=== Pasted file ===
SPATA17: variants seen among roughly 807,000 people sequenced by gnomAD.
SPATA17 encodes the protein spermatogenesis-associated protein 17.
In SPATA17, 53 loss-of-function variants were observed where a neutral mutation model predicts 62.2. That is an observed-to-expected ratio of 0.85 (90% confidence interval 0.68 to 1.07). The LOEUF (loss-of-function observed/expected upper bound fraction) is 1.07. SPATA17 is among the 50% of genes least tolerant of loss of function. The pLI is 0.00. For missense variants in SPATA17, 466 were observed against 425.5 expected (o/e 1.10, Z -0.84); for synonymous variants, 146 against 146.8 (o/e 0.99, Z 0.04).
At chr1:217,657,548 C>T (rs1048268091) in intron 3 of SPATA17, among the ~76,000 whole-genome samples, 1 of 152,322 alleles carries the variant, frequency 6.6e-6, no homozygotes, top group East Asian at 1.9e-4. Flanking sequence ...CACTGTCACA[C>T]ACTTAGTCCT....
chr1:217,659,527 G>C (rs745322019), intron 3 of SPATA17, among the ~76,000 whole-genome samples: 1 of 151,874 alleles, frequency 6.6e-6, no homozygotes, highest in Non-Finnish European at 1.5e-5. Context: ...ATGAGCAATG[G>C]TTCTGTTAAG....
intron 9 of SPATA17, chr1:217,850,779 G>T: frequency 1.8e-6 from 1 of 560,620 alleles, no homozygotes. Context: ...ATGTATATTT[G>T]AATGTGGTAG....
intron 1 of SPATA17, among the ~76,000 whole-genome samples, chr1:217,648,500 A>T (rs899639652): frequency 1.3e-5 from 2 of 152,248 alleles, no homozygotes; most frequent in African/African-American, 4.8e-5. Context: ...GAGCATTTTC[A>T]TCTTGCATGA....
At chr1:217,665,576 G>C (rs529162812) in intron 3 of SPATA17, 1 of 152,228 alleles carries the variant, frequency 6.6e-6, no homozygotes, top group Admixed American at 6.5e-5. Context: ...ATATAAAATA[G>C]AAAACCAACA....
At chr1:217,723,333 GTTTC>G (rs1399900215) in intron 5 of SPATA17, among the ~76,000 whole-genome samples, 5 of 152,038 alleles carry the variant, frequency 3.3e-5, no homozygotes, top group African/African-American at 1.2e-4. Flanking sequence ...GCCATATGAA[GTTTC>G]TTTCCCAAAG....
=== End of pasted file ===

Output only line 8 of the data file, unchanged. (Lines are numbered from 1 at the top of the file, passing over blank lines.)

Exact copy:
At chr1:217,665,576 G>C (rs529162812) in intron 3 of SPATA17, 1 of 152,228 alleles carries the variant, frequency 6.6e-6, no homozygotes, top group Admixed American at 6.5e-5. Context: ...ATATAAAATA[G>C]AAAACCAACA....